1. Never accept an invitation until after two full days. Gove time for the invitation to germinate, to evaluate and listen to my peer mentors. If the invitation is related to TGC or the MC, I ask my Austin accountability team, Kyle and Brian to give wisdom.

2. Listen to Yvonne as my first-line accountability person who knows me deeply.

3. Listen to the Holy Spirit, gut-level, “rightness” of it. Be wary of some requests—test my motives and the temptation to accept an invitation. Let the invitation pass the “smell test”.

4. Consider responding with a “yes” but only if it:
4.1 Fits our commitment to the re-naming, calling and ministry platform TaylorGlobalConsult
4.2 Fits within the MC vision. It must clearly contribute to the advance of Christ’s kingdom.
4.3 Contributes to our financial support team and new financial streams

5. Determine the budget from the inviting organization for travel and honoraria.

6. Do not let my travel alone take me more than 20% of the nights per year and with a rare exception, no trip more than two weeks in length per year. If Yvonne travels with me, then the length of travel can be extended but only if she feels the trip has value-added to her.

7. Watch my health. I must decline invitations that exhaust me “getting there” or cause sickness once there. My medical doctor has a list of off-limit nations for me. Never make a back-to-back international trip without at least 10 days of down time in between. Recovery from jet lag now takes twice as long.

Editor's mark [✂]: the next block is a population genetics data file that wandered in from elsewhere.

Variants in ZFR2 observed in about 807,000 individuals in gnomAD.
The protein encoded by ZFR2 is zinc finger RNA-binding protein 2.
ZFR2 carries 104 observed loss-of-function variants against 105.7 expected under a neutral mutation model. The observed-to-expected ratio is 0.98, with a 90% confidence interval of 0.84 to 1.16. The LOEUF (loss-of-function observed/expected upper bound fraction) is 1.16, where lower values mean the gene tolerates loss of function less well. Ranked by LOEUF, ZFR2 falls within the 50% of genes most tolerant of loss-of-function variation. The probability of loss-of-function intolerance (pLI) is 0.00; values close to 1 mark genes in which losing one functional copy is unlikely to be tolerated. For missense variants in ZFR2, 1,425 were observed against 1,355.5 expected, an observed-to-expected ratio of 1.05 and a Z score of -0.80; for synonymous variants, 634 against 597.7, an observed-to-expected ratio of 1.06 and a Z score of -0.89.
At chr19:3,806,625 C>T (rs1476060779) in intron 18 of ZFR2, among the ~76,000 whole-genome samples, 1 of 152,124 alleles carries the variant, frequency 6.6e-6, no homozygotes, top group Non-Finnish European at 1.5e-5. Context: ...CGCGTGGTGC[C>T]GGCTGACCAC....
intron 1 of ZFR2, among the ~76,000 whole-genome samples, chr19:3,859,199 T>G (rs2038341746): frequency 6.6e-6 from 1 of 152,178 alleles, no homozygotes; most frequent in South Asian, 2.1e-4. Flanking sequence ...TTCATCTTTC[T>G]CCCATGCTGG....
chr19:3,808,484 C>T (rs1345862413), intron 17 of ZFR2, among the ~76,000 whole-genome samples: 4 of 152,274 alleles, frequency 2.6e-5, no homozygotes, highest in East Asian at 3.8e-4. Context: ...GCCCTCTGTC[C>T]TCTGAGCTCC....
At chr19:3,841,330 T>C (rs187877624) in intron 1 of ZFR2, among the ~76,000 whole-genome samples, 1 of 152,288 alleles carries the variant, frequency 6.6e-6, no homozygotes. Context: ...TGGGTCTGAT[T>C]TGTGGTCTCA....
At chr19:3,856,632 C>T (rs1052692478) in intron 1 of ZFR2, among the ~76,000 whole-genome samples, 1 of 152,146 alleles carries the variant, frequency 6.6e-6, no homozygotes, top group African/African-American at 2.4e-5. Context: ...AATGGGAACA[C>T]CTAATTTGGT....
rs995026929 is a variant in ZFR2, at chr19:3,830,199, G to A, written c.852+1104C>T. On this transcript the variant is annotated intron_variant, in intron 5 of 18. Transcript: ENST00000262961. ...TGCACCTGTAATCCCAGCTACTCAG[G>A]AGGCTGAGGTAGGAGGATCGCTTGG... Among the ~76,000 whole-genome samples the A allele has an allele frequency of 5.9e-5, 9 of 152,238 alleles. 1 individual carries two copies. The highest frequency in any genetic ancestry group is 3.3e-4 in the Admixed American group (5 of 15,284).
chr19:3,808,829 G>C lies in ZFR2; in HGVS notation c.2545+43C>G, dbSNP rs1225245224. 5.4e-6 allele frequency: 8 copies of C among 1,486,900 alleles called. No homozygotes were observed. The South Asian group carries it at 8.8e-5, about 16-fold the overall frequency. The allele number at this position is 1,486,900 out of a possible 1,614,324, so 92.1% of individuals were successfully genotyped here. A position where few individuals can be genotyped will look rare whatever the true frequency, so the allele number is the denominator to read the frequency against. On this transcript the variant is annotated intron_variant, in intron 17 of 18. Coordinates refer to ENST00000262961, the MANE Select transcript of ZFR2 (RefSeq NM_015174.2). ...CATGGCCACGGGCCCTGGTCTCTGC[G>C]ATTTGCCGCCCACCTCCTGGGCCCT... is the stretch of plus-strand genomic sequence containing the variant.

8. When I return from an extended trip, realize that I rightfully have “time off” at home to be totally present to Yvonne and home, as well as “down time” to recuperate from travel. Do not shy away from days of rest, recreation and recuperation.

9. Try to avoid all travel in April (family birthdays) and December. I commit to be home for our anniversary (June 30) and Yvonne’s birthday (October 26).

10. If people want my services as a consultant, ask them travel to Austin. If I travel, they pay expenses and per diem expenses or an honorarium.